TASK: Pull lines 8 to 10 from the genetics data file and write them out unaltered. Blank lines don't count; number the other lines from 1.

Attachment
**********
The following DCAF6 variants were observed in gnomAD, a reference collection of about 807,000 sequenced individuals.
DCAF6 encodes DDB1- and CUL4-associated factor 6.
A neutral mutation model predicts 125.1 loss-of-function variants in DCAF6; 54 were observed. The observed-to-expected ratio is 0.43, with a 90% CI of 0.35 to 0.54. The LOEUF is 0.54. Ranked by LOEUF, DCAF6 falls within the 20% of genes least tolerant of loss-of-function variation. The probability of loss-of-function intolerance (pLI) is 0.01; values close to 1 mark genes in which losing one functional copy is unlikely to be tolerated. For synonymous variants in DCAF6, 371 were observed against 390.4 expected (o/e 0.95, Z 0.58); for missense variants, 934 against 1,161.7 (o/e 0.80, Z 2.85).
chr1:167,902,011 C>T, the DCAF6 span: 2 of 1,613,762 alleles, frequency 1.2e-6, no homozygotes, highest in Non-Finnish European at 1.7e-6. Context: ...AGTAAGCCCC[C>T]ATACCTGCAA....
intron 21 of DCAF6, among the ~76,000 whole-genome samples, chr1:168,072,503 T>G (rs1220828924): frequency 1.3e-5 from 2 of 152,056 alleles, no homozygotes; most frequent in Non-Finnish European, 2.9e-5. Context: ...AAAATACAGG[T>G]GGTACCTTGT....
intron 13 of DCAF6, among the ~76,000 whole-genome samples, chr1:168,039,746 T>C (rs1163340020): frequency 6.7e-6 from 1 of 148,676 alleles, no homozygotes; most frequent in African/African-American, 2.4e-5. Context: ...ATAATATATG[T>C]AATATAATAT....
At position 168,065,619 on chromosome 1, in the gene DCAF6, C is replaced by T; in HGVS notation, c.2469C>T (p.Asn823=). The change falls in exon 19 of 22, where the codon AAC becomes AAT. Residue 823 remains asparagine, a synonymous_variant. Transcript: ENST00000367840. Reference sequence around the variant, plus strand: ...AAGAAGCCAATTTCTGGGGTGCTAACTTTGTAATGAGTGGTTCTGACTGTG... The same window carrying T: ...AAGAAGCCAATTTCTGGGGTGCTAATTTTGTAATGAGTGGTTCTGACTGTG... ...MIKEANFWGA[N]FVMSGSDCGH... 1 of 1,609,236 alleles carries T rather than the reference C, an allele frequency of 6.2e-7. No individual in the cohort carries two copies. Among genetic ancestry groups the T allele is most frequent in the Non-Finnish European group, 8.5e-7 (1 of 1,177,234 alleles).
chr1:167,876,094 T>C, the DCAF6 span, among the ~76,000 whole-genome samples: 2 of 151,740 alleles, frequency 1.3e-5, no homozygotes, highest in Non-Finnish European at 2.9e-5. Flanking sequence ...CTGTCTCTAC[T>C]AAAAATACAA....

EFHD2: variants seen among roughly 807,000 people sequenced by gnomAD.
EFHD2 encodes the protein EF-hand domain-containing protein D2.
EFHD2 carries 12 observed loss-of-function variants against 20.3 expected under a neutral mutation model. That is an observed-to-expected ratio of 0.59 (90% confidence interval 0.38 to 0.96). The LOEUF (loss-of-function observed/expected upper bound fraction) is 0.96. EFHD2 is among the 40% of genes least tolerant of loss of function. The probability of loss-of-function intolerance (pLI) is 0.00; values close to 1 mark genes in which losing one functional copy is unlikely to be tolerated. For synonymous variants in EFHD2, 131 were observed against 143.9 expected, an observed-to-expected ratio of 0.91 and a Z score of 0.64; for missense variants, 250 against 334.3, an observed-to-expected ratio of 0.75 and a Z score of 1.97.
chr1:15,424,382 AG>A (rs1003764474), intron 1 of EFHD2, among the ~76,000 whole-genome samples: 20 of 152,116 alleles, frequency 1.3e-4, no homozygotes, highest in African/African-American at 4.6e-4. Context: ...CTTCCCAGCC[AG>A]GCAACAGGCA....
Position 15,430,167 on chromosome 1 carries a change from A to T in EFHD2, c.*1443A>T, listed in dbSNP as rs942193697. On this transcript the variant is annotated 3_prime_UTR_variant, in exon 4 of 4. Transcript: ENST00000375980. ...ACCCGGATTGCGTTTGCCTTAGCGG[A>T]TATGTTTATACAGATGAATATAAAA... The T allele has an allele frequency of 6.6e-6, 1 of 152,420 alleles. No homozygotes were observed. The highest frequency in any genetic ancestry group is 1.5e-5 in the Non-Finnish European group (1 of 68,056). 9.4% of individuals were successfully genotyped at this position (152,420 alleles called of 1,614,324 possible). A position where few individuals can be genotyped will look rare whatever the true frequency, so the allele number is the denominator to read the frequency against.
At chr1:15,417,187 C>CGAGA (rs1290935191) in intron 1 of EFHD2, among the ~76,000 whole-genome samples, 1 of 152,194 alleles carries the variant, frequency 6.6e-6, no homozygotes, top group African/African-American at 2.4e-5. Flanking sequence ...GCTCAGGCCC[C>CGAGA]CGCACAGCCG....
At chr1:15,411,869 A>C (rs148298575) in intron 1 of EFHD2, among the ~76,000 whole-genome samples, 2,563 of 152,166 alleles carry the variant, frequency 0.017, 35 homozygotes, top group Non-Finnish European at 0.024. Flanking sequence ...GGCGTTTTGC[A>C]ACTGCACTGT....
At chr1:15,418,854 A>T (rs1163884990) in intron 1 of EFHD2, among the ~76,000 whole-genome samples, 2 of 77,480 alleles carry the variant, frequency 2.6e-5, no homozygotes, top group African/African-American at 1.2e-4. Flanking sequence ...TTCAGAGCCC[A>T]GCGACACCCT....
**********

chr1:167,876,094 T>C, the DCAF6 span, among the ~76,000 whole-genome samples: 2 of 151,740 alleles, frequency 1.3e-5, no homozygotes, highest in Non-Finnish European at 2.9e-5. Flanking sequence ...CTGTCTCTAC[T>C]AAAAATACAA....

EFHD2: variants seen among roughly 807,000 people sequenced by gnomAD.
EFHD2 encodes the protein EF-hand domain-containing protein D2.